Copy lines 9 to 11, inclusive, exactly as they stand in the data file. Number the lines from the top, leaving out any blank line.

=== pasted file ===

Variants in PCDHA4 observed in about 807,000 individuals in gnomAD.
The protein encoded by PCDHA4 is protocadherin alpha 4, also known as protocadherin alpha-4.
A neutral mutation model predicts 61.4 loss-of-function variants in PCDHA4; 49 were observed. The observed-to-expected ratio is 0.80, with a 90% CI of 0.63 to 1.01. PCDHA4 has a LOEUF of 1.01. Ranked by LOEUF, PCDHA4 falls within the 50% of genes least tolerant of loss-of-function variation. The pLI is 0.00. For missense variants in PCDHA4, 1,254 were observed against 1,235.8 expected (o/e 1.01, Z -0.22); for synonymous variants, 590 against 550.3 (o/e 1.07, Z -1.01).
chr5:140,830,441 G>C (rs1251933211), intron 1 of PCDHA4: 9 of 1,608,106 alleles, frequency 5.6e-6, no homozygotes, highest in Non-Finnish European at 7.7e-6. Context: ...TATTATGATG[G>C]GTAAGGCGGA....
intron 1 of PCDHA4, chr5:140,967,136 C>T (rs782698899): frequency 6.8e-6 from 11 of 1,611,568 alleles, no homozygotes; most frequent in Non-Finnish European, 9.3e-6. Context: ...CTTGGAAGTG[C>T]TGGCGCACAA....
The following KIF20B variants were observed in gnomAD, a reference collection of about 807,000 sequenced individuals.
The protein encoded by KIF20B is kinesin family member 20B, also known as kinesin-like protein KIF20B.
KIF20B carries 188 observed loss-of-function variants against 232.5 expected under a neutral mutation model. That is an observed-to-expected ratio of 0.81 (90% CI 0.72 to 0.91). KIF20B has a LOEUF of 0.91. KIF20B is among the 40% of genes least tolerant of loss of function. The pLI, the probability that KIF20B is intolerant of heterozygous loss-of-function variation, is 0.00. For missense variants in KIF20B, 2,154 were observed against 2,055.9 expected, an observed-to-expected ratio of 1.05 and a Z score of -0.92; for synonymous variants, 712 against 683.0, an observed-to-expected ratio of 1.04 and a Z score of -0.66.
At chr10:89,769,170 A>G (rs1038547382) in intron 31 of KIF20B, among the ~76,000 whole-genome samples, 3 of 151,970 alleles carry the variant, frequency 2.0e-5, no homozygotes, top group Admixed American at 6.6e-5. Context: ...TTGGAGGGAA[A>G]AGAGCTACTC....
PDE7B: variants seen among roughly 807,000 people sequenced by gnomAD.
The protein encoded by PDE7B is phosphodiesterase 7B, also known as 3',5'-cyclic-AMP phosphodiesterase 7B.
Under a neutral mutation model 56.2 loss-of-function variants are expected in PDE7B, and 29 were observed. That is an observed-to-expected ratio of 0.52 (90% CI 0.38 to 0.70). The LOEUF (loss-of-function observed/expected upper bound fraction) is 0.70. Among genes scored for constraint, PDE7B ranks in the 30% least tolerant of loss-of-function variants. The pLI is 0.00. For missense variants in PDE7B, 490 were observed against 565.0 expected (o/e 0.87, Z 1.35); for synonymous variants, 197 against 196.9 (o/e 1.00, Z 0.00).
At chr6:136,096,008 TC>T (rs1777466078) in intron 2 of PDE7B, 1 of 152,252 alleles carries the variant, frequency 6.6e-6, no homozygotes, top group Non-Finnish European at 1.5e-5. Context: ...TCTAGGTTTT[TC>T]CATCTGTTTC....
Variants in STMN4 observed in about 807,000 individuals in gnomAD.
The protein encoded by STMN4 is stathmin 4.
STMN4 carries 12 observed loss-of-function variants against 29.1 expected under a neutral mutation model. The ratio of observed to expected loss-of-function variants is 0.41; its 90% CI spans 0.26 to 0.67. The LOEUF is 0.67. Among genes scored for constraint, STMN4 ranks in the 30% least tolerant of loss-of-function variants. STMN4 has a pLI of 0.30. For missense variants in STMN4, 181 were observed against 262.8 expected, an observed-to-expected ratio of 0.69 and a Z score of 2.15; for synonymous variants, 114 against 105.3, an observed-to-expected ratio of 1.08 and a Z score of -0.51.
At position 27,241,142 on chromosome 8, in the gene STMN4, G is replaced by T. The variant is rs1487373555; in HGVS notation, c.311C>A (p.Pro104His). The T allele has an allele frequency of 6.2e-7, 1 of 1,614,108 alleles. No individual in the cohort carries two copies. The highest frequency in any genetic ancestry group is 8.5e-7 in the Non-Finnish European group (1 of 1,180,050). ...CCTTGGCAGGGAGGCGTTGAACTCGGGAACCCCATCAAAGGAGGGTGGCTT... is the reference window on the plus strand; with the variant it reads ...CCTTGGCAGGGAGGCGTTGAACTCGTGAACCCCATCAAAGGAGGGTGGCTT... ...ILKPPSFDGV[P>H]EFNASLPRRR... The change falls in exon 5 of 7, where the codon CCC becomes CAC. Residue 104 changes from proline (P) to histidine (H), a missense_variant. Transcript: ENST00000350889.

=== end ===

At chr10:89,769,170 A>G (rs1038547382) in intron 31 of KIF20B, among the ~76,000 whole-genome samples, 3 of 151,970 alleles carry the variant, frequency 2.0e-5, no homozygotes, top group Admixed American at 6.6e-5. Context: ...TTGGAGGGAA[A>G]AGAGCTACTC....
PDE7B: variants seen among roughly 807,000 people sequenced by gnomAD.
The protein encoded by PDE7B is phosphodiesterase 7B, also known as 3',5'-cyclic-AMP phosphodiesterase 7B.